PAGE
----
In addition to publishing her blog, she talks freely about taboo subjects. She tells neighbors that she doesn't vote, a shocking admission in Cuba. She isn't a member of any of Cuba's quasi-compulsory political organizations.

"There are many ways to pretend in Cuba: you can say things that you don't believe, or you can stay quiet about the things you don't like," she says. "I have the tranquility of being able to look at my son and he knows that I don't fake it."

At the same time, she tries not to cross a line that will give the government a reason to shut her blog down. She uses only public Internet sites, instead of trying to set up an illegal Internet link from home, as some Cubans do. The family lives on between $20 and $60 a month, she says, earned from working with tourists. She confines her writing to the Web. Critiques published on paper are considered propaganda, while the Internet is a gray area.

Still, there is no guarantee that Ms. Sánchez's activities won't land her in legal trouble. Even if jailed, Ms. Sánchez says she would find ways to publish her blog. "You have to believe that you are free and try to act like it," she says. "Little by little, acting as though you are free can be contagious."

I visited her web site, and I added it to my bookmarks. There is one post she wrote that makes the point of her using subtle wit. This is the post about a crowd of Cubans trying to get inside the movie theater to watch a German film about the spying machinery operating in the shadows in the former Soviet Union. The doors to cinema were closed, and people outside wanting in began chanting "Open Up!" The post from her blog:

Here I leave you this picture from last Saturday at the entrance to the Acapulco Cinema, to see the film “The Life of others”. I think that it has been the biggest mob seen in that festival. Those of us outside were yelling “Open up!”, after seeing that they were closing the doors, in reaction to the stampede that wanted in. I imagine that such scream was not limited to pass the entrance to the Acapulco Cinema, but it was a call to “Opening” with capital letters. I yelled it, also, thinking about the dams, the limits and the borders that have to yield and let us through.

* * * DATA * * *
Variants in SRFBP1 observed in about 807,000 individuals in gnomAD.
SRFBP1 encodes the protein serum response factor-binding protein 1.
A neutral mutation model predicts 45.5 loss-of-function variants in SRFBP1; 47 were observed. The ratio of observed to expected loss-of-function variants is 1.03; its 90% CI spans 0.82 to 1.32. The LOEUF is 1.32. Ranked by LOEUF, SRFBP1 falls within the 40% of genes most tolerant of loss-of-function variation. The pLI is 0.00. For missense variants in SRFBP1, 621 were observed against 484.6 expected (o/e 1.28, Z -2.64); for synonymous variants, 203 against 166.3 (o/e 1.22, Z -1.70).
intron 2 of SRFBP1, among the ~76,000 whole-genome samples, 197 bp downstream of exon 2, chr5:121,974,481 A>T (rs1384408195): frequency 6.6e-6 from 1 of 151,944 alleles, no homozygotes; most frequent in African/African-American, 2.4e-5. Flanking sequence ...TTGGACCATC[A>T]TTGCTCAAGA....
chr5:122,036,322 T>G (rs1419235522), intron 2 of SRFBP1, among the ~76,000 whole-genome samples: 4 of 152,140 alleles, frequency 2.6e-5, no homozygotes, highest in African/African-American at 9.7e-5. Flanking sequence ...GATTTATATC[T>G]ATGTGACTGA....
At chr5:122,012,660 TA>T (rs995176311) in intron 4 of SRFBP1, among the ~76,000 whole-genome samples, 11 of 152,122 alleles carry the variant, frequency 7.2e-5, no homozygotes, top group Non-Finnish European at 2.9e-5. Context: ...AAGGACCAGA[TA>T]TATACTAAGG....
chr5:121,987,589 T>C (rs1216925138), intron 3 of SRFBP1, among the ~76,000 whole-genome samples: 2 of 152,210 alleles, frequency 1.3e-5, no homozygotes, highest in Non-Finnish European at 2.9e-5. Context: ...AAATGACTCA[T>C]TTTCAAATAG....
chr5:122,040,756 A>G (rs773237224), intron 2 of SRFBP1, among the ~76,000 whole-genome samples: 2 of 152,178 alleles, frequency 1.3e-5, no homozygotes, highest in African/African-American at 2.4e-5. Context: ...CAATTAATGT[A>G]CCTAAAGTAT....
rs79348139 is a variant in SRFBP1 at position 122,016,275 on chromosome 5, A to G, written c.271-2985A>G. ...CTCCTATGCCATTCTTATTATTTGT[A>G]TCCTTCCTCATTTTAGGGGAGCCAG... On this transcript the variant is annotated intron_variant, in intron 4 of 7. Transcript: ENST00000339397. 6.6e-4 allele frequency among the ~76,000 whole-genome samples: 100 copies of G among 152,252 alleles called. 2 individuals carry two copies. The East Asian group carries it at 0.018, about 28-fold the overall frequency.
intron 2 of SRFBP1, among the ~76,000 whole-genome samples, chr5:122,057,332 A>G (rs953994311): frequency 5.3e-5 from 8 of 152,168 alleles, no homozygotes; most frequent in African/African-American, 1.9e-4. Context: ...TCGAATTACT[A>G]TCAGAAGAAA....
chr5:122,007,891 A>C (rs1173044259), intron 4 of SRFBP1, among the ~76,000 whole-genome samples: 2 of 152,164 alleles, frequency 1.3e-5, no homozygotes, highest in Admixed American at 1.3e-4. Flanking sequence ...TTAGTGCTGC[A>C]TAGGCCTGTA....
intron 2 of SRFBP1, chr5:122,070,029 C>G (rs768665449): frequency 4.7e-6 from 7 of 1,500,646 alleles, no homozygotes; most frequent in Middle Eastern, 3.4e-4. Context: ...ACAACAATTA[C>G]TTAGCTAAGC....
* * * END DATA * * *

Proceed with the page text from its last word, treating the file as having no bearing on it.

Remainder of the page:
Open up! We yelled outside the cinema and one hour later we could hear the character in the film saying “the wall has fallen”. “Open up!” -we said with faces against the glass, while we were pushed back-. “Open up!” -we continued thinking, even when we were already in the comfy chairs, the lights about to go off. “Open up!” -They were the words that I kept from that night, and I repeated them the next morning.

So, the movie, renamed here “Our lives”, allowed us to yell openly, right in the middle of 26th st, a verb that concentrates all of our desires: “Open up!”.

I think some things are going to happen in Cuba. I do not know what they are, or if they are going to make life better or worse in the short term for Cubans. I do know that I am going to occasionally surf over to Yoani's web site. It is worth my time to do so.

1 comment:

Anonymous said...

Let's see.... Yoani and her family lived in Switzerland for almost 2 years. She left Switzerland because her 60 year old husband could not find suitable employment.
She, her son and husband then returned to Cuba to endure life under this tyrannical regime. Her son now attends a school that teaches militarism and state values. Food is scarce. Free speech does not exist. Any semblance of a real future is denied to her family in this state controlled environment. Even the smallest luxuries and necessities do not exist. She does all this to write a blog from the local internet cafe, which she loads from her flash drive, which was loaded from God only knows where? Come on people, could there be more to this than meets the eye? Is Switzerland really that bad?